City Of London To Go Solar!
DECEMBER 2, 2020
By Paul Homewood
Voltalia (Euronext Paris, ISIN code: FR0011995588), an international player in renewable energies, strengthens its presence in the United Kingdom and will build a 49.9-megawatt solar power plant to supply green electricity to the City, London’s prestigious business district, under a 15-year contract.
A ‘pioneering’ £40 million green energy deal could provide a blueprint for local authorities seeking to reduce carbon emissions and cut costs, the City of London Corporation says.
The governing body of the Square Mile has signed a power purchase agreement with Voltalia – an international player in renewable energies – to buy all the electricity produced by a new-build 95,000-panel solar farm in Dorset for 15 years.
The deal, the first of its kind in the UK to be signed directly between a renewables producer and governing authority, will enable Voltalia to leverage cash to build the facility, while saving the City Corporation around £3 million in energy costs.
It says the arrangement will allow cost certainty and avoid the risks involved with local authority-owned energy firms, following recent high-profile selloffs of loss-making council-owned companies in Nottingham and Bristol.
The solar plant will have a total capacity of 49.9 megawatts – enough to power the equivalent of 15,000 homes – and will provide over half the City Corporation’s electricity, powering buildings including its historic Guildhall headquarters, three wholesale markets and the Barbican arts centre.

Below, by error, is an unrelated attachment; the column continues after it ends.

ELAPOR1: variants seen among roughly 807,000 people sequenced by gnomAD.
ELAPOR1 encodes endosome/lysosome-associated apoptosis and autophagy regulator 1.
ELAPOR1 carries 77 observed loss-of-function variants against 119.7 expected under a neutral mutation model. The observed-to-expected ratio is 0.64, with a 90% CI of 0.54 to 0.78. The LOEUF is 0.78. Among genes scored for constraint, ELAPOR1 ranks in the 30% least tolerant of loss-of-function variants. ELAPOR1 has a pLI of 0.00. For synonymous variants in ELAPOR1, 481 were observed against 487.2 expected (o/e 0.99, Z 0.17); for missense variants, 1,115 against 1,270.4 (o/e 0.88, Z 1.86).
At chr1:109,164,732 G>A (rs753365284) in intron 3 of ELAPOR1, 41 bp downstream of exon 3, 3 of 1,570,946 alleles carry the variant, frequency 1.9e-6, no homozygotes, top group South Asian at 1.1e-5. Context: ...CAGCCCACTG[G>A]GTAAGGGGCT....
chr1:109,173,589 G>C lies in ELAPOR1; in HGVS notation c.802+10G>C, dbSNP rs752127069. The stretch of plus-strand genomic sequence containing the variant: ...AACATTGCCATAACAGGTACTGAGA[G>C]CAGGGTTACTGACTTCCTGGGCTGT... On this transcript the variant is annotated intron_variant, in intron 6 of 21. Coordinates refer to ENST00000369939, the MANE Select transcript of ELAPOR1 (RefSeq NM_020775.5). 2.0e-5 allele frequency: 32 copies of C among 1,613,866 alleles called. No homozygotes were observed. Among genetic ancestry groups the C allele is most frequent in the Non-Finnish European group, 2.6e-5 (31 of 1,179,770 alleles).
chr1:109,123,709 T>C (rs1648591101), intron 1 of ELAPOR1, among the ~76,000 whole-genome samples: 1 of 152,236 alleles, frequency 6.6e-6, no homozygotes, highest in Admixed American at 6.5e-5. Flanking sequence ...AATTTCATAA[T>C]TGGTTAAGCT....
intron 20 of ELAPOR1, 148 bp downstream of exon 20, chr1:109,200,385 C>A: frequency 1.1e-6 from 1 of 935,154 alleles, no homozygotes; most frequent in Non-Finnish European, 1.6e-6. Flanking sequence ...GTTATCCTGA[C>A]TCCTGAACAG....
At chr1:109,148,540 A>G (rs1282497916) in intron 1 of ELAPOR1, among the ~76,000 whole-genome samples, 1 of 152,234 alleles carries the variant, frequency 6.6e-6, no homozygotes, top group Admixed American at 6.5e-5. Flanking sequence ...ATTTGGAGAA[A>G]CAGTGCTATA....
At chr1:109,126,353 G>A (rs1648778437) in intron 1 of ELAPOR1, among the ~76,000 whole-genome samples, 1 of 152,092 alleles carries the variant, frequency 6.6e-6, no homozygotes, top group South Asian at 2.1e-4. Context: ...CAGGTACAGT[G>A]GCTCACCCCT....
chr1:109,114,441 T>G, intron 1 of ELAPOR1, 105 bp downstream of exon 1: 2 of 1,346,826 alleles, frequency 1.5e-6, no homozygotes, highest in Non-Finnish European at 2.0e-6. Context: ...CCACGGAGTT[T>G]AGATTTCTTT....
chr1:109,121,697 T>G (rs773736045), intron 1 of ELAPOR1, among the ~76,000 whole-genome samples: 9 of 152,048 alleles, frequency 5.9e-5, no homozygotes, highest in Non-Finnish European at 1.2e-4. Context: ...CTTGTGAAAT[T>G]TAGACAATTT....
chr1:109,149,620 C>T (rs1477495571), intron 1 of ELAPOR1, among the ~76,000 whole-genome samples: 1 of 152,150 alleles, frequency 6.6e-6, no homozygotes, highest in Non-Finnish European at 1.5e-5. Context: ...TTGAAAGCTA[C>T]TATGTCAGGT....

The new deal forms part of the organisation’s wider commitment to climate action. Its Climate Action Strategy, launched last month, commits it to making the Square Mile net zero for carbon emissions by 2040 – 10 years earlier than Government goals.
Let’s do a few quick sums.
A 49.9MW solar plant, running at 8% loading, will generate 35000 MWh a year.
Over 15 years, the £40m deal will be worth £2.6m a year, which equates to £74/MWh. It is not clear whether the deal is index linked.
City of London say they will save £3m a year on energy costs, which equals £85/MWh, suggesting they are currently paying £159/MWh, which sounds about right.
Given that levelised solar power costs are £44/MWh (BEIS 2020), there is no way that City of London can buy at £74/MWh, unless they are avoiding most of the network and other costs, which the rest of us have to pay.
According to OFGEM, network costs, policy costs (green subsidies) and utility company operating costs account for two thirds of retail prices. It is not known how much the City will pay towards these costs as part of their green deal, but the less they pay, the more everybody else does.
Needless to say, the City won’t actually be using electricity from the new solar farm, which is in Dorset. And they will be totally reliant on grid power, including fossil fuels at night,